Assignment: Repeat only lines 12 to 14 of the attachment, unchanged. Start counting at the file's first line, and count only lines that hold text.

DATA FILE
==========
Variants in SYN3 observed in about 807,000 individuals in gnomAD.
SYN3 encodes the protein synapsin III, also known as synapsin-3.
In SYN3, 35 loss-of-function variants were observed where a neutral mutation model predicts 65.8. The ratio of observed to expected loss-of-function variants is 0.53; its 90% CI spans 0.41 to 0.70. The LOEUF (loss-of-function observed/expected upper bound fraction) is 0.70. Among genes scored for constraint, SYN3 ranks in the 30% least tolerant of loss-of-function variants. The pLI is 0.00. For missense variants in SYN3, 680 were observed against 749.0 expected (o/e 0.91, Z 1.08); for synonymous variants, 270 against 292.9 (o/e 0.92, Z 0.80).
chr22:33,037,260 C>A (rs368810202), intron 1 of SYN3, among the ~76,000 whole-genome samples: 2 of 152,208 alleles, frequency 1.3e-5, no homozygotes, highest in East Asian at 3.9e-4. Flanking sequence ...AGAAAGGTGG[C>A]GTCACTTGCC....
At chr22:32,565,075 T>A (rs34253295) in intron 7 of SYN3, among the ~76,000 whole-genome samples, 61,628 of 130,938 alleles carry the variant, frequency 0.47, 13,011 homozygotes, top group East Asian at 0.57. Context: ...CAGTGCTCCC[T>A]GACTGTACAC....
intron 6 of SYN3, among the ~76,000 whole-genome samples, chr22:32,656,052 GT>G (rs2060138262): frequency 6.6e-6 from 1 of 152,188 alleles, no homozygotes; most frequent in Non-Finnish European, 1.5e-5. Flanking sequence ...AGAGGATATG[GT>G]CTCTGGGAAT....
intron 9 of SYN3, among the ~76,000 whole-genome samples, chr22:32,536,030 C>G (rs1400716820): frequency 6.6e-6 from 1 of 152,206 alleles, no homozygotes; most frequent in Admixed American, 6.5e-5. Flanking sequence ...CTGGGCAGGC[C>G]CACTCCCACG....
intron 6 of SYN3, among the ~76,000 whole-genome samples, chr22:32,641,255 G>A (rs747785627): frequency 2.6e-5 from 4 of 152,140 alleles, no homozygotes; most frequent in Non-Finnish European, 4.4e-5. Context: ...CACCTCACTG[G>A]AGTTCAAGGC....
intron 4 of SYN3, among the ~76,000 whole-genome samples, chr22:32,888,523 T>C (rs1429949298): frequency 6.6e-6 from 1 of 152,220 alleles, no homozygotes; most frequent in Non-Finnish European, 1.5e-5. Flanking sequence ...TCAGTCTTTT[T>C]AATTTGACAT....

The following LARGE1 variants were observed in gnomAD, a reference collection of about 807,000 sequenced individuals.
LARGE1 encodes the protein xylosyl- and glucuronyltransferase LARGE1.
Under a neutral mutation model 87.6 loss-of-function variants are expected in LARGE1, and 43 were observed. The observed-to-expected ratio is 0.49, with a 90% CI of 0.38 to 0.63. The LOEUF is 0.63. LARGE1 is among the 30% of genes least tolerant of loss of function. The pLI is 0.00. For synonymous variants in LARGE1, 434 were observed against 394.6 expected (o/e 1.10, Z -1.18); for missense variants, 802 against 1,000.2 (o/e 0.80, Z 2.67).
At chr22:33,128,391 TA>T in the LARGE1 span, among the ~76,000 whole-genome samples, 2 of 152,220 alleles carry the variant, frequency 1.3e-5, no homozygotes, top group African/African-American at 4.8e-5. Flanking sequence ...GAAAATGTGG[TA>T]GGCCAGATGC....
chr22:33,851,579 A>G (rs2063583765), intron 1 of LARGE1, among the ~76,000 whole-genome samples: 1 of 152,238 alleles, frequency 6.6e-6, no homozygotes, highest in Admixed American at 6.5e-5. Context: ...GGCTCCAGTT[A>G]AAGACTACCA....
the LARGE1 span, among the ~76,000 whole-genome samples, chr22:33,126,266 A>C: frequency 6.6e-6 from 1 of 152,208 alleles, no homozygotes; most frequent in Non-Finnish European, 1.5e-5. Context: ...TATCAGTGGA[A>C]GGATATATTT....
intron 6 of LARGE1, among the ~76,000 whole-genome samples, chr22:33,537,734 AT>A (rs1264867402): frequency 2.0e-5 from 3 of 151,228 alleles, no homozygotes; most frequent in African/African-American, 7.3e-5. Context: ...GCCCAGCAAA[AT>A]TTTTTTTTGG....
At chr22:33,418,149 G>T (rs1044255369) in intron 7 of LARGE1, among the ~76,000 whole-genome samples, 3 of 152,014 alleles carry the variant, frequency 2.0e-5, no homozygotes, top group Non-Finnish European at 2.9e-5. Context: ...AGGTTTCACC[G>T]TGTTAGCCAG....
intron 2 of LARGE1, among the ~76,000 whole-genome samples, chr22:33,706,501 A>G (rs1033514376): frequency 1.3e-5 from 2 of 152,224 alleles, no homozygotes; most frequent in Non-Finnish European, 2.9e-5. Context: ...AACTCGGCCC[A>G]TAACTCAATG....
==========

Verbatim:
Under a neutral mutation model 87.6 loss-of-function variants are expected in LARGE1, and 43 were observed. The observed-to-expected ratio is 0.49, with a 90% CI of 0.38 to 0.63. The LOEUF is 0.63. LARGE1 is among the 30% of genes least tolerant of loss of function. The pLI is 0.00. For synonymous variants in LARGE1, 434 were observed against 394.6 expected (o/e 1.10, Z -1.18); for missense variants, 802 against 1,000.2 (o/e 0.80, Z 2.67).
At chr22:33,128,391 TA>T in the LARGE1 span, among the ~76,000 whole-genome samples, 2 of 152,220 alleles carry the variant, frequency 1.3e-5, no homozygotes, top group African/African-American at 4.8e-5. Flanking sequence ...GAAAATGTGG[TA>T]GGCCAGATGC....
chr22:33,851,579 A>G (rs2063583765), intron 1 of LARGE1, among the ~76,000 whole-genome samples: 1 of 152,238 alleles, frequency 6.6e-6, no homozygotes, highest in Admixed American at 6.5e-5. Context: ...GGCTCCAGTT[A>G]AAGACTACCA....